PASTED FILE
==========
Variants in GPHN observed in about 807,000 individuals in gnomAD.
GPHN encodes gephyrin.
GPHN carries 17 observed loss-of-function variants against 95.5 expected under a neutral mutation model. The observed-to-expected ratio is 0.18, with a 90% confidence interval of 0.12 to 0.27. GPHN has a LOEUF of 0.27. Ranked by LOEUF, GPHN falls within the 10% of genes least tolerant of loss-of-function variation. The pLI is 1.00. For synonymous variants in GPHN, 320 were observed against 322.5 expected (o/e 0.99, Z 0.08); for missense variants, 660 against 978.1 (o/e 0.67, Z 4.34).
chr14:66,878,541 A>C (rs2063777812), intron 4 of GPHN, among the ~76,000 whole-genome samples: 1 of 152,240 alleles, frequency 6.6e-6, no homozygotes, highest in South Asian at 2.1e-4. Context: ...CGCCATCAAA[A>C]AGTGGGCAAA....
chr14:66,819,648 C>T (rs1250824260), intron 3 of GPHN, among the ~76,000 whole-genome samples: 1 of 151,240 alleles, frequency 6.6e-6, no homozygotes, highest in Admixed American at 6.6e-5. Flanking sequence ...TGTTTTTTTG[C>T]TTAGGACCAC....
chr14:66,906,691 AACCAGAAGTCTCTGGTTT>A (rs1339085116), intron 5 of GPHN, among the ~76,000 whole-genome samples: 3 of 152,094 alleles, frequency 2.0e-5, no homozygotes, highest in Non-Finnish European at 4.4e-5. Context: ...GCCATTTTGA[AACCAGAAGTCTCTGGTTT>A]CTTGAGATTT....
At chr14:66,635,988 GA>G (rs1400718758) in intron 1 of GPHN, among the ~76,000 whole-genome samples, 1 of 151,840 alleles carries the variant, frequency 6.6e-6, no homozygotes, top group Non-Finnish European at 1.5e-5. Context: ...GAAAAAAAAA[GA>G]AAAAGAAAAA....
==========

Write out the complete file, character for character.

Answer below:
Variants in GPHN observed in about 807,000 individuals in gnomAD.
GPHN encodes gephyrin.
GPHN carries 17 observed loss-of-function variants against 95.5 expected under a neutral mutation model. The observed-to-expected ratio is 0.18, with a 90% confidence interval of 0.12 to 0.27. GPHN has a LOEUF of 0.27. Ranked by LOEUF, GPHN falls within the 10% of genes least tolerant of loss-of-function variation. The pLI is 1.00. For synonymous variants in GPHN, 320 were observed against 322.5 expected (o/e 0.99, Z 0.08); for missense variants, 660 against 978.1 (o/e 0.67, Z 4.34).
chr14:66,878,541 A>C (rs2063777812), intron 4 of GPHN, among the ~76,000 whole-genome samples: 1 of 152,240 alleles, frequency 6.6e-6, no homozygotes, highest in South Asian at 2.1e-4. Context: ...CGCCATCAAA[A>C]AGTGGGCAAA....
chr14:66,819,648 C>T (rs1250824260), intron 3 of GPHN, among the ~76,000 whole-genome samples: 1 of 151,240 alleles, frequency 6.6e-6, no homozygotes, highest in Admixed American at 6.6e-5. Flanking sequence ...TGTTTTTTTG[C>T]TTAGGACCAC....
chr14:66,906,691 AACCAGAAGTCTCTGGTTT>A (rs1339085116), intron 5 of GPHN, among the ~76,000 whole-genome samples: 3 of 152,094 alleles, frequency 2.0e-5, no homozygotes, highest in Non-Finnish European at 4.4e-5. Context: ...GCCATTTTGA[AACCAGAAGTCTCTGGTTT>A]CTTGAGATTT....
At chr14:66,635,988 GA>G (rs1400718758) in intron 1 of GPHN, among the ~76,000 whole-genome samples, 1 of 151,840 alleles carries the variant, frequency 6.6e-6, no homozygotes, top group Non-Finnish European at 1.5e-5. Context: ...GAAAAAAAAA[GA>G]AAAAGAAAAA....